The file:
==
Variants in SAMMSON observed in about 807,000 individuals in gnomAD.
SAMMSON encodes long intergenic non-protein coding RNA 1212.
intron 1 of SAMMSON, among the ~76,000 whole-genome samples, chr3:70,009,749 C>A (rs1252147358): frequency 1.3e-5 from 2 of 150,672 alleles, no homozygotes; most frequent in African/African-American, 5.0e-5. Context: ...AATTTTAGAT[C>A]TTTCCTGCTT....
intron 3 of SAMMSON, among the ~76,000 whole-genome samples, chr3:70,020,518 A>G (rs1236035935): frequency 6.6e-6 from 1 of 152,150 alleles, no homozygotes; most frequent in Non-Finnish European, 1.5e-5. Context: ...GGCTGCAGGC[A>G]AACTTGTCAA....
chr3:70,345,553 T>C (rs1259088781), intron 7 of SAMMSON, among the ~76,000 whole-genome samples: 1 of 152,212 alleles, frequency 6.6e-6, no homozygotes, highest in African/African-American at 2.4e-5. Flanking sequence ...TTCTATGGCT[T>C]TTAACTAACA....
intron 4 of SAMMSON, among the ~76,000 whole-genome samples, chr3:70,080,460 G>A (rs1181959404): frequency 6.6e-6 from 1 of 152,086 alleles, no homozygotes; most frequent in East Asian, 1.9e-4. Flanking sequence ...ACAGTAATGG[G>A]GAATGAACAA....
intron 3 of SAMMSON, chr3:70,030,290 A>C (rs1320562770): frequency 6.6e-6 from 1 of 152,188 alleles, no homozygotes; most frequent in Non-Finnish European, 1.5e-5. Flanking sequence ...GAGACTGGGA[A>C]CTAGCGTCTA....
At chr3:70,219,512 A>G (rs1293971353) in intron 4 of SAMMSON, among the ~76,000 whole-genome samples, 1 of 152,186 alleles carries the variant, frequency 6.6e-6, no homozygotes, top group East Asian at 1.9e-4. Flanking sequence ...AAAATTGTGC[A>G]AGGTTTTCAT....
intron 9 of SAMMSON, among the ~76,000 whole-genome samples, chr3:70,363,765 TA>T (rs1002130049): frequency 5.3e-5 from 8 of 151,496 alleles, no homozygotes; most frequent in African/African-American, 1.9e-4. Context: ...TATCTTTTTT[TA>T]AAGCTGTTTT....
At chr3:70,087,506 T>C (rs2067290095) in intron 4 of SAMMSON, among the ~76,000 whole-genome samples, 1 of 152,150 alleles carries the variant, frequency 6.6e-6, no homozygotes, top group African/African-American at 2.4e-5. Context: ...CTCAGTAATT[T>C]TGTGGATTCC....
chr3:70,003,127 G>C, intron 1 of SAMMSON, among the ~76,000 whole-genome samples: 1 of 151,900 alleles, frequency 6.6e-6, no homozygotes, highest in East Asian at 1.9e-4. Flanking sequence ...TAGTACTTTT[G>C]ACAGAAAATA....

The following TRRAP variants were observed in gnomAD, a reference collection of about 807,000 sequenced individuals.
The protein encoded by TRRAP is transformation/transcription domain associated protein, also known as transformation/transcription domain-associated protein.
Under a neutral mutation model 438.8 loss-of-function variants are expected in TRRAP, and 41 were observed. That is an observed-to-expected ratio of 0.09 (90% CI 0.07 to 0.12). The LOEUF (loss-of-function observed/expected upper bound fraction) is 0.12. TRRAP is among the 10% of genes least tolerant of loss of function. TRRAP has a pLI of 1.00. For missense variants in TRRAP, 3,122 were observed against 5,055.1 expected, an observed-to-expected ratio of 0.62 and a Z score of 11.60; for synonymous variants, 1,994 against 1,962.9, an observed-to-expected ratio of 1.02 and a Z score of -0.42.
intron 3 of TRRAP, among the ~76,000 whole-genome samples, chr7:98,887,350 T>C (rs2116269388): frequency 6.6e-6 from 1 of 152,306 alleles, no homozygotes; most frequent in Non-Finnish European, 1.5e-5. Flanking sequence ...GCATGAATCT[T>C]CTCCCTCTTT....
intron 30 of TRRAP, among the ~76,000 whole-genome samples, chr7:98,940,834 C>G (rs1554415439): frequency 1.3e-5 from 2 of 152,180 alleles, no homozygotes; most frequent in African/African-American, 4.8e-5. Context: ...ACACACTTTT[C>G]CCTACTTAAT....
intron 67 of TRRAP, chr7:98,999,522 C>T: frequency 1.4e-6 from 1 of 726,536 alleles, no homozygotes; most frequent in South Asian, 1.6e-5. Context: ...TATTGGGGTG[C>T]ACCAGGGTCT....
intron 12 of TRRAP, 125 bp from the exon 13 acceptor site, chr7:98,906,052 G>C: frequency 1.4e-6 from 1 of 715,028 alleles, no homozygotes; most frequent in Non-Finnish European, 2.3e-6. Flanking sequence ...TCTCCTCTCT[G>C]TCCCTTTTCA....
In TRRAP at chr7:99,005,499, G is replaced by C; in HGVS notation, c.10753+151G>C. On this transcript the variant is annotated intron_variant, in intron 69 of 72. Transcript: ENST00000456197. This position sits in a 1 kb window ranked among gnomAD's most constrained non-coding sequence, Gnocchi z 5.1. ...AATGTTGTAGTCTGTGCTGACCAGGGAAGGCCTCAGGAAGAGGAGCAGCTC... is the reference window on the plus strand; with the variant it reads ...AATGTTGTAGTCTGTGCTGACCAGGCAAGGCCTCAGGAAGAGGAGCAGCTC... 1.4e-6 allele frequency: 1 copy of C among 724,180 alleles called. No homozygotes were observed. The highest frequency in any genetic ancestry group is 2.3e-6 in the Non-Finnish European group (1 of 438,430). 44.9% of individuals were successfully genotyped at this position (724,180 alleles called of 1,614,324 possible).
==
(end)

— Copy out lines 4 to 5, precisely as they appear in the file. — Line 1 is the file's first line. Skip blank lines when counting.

intron 3 of SAMMSON, among the ~76,000 whole-genome samples, chr3:70,020,518 A>G (rs1236035935): frequency 6.6e-6 from 1 of 152,150 alleles, no homozygotes; most frequent in Non-Finnish European, 1.5e-5. Context: ...GGCTGCAGGC[A>G]AACTTGTCAA....
chr3:70,345,553 T>C (rs1259088781), intron 7 of SAMMSON, among the ~76,000 whole-genome samples: 1 of 152,212 alleles, frequency 6.6e-6, no homozygotes, highest in African/African-American at 2.4e-5. Flanking sequence ...TTCTATGGCT[T>C]TTAACTAACA....